The COVID-19 pandemic has magnified household preferences for convenience and affordability, presenting challenges as well as opportunities for the transition to clean cooking fuels. Initial findings from a case study conducted in rural Kenya suggest that the pandemic and lockdown have altered household cooking practices and fuel-use patterns.
Households in the study’s intervention group used domestically produced biogas; those in the control group, chiefly wood, supplemented by liquefied petroleum gas and charcoal. Independent access to biogas insulated the intervention group from fluctuations in fuel prices and limits on access, while encouraging adoption.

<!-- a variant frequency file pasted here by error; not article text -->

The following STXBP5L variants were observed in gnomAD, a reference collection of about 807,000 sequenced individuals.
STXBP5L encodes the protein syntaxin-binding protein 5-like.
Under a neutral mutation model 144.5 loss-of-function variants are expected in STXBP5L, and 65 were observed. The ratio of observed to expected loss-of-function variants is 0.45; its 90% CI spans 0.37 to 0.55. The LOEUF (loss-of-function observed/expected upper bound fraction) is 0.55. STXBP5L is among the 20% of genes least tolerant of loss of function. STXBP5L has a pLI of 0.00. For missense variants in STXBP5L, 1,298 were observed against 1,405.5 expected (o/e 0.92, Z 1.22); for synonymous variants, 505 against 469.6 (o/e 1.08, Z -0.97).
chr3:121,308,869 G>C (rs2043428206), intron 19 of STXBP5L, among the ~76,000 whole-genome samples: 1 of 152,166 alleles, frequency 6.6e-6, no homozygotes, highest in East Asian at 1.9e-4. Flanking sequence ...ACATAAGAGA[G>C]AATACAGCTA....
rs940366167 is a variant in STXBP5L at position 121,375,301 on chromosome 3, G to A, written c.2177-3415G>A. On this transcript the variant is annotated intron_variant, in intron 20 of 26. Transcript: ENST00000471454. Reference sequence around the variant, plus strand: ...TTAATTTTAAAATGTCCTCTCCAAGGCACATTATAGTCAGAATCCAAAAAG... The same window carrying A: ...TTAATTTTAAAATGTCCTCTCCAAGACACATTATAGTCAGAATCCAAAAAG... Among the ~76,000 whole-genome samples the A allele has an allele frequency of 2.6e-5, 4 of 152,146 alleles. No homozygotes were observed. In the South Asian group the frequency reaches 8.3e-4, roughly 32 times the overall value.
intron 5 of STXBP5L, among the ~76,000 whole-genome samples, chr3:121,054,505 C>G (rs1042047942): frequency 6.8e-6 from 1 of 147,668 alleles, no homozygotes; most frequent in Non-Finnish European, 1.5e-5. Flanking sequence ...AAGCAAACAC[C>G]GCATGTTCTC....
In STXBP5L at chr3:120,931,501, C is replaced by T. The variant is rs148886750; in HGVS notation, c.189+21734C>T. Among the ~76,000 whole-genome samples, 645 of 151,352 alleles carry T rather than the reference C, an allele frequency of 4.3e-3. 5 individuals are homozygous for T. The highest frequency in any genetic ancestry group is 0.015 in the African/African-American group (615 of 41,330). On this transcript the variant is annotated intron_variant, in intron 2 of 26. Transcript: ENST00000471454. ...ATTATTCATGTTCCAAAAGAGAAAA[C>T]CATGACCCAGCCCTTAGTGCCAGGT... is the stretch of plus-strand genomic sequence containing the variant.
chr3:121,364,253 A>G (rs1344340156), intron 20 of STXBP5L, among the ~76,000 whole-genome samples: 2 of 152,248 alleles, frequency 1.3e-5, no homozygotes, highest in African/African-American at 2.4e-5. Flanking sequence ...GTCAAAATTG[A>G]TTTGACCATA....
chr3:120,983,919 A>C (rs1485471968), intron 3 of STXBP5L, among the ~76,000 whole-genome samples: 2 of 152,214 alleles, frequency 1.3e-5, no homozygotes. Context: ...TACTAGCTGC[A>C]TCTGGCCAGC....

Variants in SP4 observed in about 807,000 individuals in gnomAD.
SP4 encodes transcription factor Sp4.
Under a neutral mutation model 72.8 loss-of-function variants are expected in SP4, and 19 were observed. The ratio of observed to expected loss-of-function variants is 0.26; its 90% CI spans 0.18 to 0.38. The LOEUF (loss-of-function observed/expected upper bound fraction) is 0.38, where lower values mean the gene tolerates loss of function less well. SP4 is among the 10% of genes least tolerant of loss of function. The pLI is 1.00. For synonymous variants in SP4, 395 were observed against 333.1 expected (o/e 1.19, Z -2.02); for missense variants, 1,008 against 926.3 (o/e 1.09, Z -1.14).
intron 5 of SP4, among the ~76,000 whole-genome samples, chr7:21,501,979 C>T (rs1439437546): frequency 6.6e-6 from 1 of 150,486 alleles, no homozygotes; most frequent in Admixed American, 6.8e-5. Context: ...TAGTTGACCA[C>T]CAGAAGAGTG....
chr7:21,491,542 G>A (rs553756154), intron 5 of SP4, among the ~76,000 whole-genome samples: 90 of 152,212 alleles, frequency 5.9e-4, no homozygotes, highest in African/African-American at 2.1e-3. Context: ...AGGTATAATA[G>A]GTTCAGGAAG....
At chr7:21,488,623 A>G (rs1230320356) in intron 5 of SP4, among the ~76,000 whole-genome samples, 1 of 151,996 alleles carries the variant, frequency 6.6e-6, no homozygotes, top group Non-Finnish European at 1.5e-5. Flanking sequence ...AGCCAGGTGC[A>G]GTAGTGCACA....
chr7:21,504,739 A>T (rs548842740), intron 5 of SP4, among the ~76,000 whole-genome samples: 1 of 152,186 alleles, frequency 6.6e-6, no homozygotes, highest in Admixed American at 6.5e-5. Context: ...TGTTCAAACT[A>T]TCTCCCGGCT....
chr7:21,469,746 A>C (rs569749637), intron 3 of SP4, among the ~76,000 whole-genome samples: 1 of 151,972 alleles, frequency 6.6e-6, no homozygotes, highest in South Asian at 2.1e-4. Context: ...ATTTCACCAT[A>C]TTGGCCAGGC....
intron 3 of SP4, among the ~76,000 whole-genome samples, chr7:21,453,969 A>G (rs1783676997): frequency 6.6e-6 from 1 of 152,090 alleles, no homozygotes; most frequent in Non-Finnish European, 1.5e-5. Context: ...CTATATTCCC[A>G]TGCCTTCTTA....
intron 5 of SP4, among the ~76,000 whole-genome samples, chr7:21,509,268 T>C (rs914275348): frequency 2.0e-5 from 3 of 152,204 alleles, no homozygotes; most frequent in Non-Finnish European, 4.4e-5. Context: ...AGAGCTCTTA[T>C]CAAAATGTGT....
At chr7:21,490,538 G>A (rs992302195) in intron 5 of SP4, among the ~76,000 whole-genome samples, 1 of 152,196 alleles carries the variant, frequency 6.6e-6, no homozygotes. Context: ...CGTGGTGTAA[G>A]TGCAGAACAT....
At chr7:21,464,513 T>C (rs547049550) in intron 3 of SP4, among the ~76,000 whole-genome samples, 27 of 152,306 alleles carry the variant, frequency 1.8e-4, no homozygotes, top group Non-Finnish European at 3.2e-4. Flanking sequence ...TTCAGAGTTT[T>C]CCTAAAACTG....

As recovery begins, the right policies can speed the transition to clean cooking fuels. Poor households—those most affected by the pandemic but least equipped to recover from its effects—will need the greatest support.
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